Phantom units are usually granted over a period of years, and the grant is usually conditioned on service and some performance criteria, either of the employee or of the company as whole. There must be a method to value and communicate the unit value on an annual basis.
For startup businesses with units or stock not subject to marketplace valuation, the value can be determined under the terms of a formula based on book value, or a reasonable multiple of earnings, or some combination of the two. Regardless of the formula, it is critical that the employees understand how the unit or stock is valued and believe the valuation method is fair.
Because phantom unit rights confer both past and future value, a vesting period will normally be used whereby employees will vest in the units over a period of years. Normally, the employee will forfeit the phantom unit if he or she terminates employment before the liquidity event, which is normally the sale of the business. These forfeiture provisions (or sometimes the plan itself) are referred to as “golden handcuffs,” as they bind employees to the employer. Depending on the situation, the payment terms can be fairly complex to account for different types of sale transactions and the possibility of consideration other than cash being received. These plans also have the flexibility to provide for payments prior to the sale of the business, if desired to reward employees who have added value to the business for periods prior to a sale.
For businesses that have achieved a measure of success, phantom appreciation units can be designed that only entitle the holder to a cash payment equal to the increase in value of the business from date of the award to the date of the liquidity event. Often these appreciation rights plans will give employees the right to exercise and receive payment prior to the sale of the business. However, the exercise right is normally conditioned on meeting vesting requirements or performance goals, whether for the individual or the business as a whole.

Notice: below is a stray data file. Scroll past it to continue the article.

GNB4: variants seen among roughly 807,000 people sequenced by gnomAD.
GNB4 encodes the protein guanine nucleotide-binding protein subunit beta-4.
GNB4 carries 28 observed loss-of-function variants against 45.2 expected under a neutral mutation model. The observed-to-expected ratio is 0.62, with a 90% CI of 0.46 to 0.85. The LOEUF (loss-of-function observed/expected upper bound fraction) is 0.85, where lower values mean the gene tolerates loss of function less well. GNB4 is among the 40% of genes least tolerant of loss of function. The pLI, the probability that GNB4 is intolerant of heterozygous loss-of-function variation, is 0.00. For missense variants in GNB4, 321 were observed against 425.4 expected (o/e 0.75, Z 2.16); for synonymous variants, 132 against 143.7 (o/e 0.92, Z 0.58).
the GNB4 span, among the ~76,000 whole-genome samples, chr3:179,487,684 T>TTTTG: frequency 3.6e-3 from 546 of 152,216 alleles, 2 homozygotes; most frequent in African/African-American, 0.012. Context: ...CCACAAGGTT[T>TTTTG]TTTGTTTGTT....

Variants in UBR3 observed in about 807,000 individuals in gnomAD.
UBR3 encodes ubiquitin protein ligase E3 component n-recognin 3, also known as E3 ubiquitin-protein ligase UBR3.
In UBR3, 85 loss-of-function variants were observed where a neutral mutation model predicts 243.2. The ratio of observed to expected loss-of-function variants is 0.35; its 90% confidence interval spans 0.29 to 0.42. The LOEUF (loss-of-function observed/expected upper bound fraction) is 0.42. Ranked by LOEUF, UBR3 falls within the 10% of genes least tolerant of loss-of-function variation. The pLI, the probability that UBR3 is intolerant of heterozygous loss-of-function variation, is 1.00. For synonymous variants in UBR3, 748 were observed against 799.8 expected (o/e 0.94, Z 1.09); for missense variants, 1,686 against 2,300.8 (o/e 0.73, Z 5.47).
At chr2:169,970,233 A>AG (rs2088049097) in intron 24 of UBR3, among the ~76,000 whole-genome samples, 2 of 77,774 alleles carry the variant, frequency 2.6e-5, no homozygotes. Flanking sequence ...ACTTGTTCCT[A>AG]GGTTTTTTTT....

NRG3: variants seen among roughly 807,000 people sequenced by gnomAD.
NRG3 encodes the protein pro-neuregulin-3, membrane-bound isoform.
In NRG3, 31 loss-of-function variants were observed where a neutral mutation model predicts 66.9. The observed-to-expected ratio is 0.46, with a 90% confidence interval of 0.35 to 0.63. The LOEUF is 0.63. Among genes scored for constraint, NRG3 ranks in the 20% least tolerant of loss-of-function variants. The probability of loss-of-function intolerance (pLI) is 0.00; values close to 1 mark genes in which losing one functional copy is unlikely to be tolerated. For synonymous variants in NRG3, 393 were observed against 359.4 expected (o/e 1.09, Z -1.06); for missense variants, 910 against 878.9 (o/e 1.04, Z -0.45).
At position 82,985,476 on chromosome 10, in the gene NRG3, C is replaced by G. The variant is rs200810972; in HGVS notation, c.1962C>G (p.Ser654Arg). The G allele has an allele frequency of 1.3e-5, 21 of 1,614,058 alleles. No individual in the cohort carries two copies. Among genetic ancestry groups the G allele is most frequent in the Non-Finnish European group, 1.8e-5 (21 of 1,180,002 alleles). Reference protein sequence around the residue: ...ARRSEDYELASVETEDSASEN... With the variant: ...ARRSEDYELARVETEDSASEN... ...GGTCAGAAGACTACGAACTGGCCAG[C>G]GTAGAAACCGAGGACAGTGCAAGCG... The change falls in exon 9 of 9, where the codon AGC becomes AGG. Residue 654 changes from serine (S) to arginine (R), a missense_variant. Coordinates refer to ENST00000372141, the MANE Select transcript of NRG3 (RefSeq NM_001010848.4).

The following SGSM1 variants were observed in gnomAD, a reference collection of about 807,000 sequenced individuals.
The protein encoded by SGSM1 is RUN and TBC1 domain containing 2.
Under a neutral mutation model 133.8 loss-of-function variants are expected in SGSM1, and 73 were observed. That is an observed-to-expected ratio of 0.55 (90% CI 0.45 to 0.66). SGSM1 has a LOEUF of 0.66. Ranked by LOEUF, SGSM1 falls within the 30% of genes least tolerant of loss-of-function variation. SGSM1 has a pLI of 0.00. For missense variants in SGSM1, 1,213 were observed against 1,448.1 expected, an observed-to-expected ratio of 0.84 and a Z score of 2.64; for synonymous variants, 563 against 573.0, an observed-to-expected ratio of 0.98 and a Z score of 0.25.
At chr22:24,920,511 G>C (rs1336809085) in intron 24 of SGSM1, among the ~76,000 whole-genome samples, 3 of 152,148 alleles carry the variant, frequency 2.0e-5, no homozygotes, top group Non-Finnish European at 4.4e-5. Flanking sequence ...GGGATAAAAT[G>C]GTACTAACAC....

As with any type of synthetic equity, there is complete flexibility to design the plan for the particular needs of the business. Regardless of the type of synthetic equity used, because payment is not made until a future liquidity event or date, employees are not taxed, and the employer does not receive the corresponding tax deduction, until payment is made.
Regulatory Issues to Consider
Although a discussion of all regulatory issues is beyond the scope of this article, advisors designing synthetic equity plans should be mindful of compliance with Tax Code Section 409A, which requires very specific design requirements. Similarly, to avoid violating the Employee Retirement Income Security Act of 1974, as amended (ERISA), participation in the phantom plan must be limited to a select group of management or highly compensated employees.
In summary, synthetic equity plans can provide small business owners with the flexibility to structure compensation packages that provide incentives to employees who assist in growing the businesses.
|John E. Rich Jr.
John E. Rich Jr. is a director at McLane Middleton, whose focuses his practice on employee benefits, pension, ERISA and tax-related matters. He can be contacted directly at (603) 628-1438, or by email.